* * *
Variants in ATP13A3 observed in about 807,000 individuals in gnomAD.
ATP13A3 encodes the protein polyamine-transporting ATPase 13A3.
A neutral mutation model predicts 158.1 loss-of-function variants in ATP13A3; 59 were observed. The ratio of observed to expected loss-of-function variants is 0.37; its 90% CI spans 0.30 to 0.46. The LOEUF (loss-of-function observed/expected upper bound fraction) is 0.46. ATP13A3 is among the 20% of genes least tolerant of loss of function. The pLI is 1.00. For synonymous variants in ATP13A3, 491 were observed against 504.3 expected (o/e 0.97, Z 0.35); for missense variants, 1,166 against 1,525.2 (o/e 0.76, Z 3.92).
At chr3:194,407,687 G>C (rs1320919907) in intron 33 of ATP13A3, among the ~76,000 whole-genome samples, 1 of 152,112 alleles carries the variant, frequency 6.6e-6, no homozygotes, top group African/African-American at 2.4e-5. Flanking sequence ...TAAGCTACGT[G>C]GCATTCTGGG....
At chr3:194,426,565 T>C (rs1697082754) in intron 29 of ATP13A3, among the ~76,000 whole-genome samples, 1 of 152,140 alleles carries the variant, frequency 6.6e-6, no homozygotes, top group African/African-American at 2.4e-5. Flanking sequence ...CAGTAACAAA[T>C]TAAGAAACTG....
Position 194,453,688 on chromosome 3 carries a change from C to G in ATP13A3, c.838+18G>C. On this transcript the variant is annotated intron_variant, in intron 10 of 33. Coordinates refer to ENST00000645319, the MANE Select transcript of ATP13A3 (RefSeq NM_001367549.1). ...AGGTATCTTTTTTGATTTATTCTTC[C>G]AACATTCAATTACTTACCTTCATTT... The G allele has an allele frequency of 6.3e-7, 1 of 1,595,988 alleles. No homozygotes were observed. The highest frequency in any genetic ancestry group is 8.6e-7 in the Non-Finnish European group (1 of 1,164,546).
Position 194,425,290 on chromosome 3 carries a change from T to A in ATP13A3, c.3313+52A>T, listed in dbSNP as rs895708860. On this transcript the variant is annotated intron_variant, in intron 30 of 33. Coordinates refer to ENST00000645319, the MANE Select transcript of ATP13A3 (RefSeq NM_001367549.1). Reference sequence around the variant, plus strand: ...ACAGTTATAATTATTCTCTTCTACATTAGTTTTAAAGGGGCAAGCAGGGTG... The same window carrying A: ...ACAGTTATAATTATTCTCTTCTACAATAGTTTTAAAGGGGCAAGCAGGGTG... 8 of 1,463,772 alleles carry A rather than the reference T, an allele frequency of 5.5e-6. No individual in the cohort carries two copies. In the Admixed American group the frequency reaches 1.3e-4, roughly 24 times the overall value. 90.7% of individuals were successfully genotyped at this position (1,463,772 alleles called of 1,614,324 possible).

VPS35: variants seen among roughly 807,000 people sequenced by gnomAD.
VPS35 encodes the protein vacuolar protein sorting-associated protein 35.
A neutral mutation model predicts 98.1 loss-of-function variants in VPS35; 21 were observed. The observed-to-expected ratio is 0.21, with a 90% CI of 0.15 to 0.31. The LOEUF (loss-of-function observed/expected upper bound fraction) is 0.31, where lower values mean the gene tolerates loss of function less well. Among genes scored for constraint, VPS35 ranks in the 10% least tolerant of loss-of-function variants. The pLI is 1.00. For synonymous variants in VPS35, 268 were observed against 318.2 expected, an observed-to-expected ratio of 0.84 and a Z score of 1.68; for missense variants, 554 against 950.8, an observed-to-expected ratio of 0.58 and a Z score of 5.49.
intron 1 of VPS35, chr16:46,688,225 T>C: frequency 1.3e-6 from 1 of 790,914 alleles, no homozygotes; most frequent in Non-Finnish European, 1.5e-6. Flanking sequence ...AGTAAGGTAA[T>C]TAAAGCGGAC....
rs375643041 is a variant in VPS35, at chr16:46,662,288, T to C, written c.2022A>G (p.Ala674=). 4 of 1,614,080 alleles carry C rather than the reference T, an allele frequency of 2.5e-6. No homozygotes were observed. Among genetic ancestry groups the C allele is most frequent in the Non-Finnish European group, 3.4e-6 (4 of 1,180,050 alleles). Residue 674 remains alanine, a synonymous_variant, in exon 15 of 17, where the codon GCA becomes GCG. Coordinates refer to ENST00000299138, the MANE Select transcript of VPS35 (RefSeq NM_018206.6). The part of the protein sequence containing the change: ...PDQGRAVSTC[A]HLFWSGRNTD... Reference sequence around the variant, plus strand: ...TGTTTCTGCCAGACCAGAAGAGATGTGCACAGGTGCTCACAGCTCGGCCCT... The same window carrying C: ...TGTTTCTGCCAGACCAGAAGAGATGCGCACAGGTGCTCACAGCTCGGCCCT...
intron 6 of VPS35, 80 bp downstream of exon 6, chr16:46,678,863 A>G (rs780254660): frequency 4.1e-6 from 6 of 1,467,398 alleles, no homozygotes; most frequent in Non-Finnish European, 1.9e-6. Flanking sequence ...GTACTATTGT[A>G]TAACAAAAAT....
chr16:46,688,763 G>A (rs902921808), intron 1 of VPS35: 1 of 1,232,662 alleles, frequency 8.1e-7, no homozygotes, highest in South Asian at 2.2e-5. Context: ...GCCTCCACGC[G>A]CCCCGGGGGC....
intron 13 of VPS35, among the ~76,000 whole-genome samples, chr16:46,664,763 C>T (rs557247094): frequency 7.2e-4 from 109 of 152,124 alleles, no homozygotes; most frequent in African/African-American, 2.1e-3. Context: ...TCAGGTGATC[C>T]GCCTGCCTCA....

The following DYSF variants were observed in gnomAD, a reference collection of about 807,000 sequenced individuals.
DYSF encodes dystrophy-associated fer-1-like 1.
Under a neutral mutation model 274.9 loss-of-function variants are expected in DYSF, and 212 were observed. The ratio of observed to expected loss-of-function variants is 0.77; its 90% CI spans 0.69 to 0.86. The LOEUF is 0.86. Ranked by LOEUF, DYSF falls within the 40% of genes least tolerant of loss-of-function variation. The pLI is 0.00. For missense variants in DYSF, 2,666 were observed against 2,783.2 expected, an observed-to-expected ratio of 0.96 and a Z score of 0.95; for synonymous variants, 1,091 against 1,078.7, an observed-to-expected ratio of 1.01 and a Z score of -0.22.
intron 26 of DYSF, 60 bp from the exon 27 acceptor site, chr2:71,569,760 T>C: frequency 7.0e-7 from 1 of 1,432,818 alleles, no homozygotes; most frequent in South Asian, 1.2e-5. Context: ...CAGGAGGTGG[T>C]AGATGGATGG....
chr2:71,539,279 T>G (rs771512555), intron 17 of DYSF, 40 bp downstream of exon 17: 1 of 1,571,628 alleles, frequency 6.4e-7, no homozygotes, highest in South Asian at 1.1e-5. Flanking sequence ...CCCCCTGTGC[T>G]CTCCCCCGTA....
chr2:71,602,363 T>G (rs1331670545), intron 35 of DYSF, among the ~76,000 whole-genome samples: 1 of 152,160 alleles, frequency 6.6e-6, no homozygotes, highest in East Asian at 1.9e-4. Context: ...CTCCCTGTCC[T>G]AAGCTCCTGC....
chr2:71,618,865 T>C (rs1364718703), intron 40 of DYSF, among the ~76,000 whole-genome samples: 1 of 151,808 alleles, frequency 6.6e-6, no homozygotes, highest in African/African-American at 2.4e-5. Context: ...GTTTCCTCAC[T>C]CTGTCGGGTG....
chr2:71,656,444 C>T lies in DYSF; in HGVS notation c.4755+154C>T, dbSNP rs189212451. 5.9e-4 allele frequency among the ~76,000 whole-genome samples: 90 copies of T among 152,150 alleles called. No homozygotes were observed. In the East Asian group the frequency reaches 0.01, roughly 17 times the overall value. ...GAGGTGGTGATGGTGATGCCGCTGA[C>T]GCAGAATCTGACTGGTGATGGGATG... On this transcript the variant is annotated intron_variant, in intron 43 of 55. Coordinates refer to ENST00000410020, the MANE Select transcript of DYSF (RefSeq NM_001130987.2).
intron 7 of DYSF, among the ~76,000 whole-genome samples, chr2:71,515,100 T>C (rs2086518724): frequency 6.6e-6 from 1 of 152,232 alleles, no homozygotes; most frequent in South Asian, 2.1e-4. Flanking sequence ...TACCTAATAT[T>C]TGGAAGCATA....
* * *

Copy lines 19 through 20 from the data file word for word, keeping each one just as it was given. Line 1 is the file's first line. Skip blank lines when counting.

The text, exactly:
intron 26 of DYSF, 60 bp from the exon 27 acceptor site, chr2:71,569,760 T>C: frequency 7.0e-7 from 1 of 1,432,818 alleles, no homozygotes; most frequent in South Asian, 1.2e-5. Context: ...CAGGAGGTGG[T>C]AGATGGATGG....
chr2:71,539,279 T>G (rs771512555), intron 17 of DYSF, 40 bp downstream of exon 17: 1 of 1,571,628 alleles, frequency 6.4e-7, no homozygotes, highest in South Asian at 1.1e-5. Flanking sequence ...CCCCCTGTGC[T>G]CTCCCCCGTA....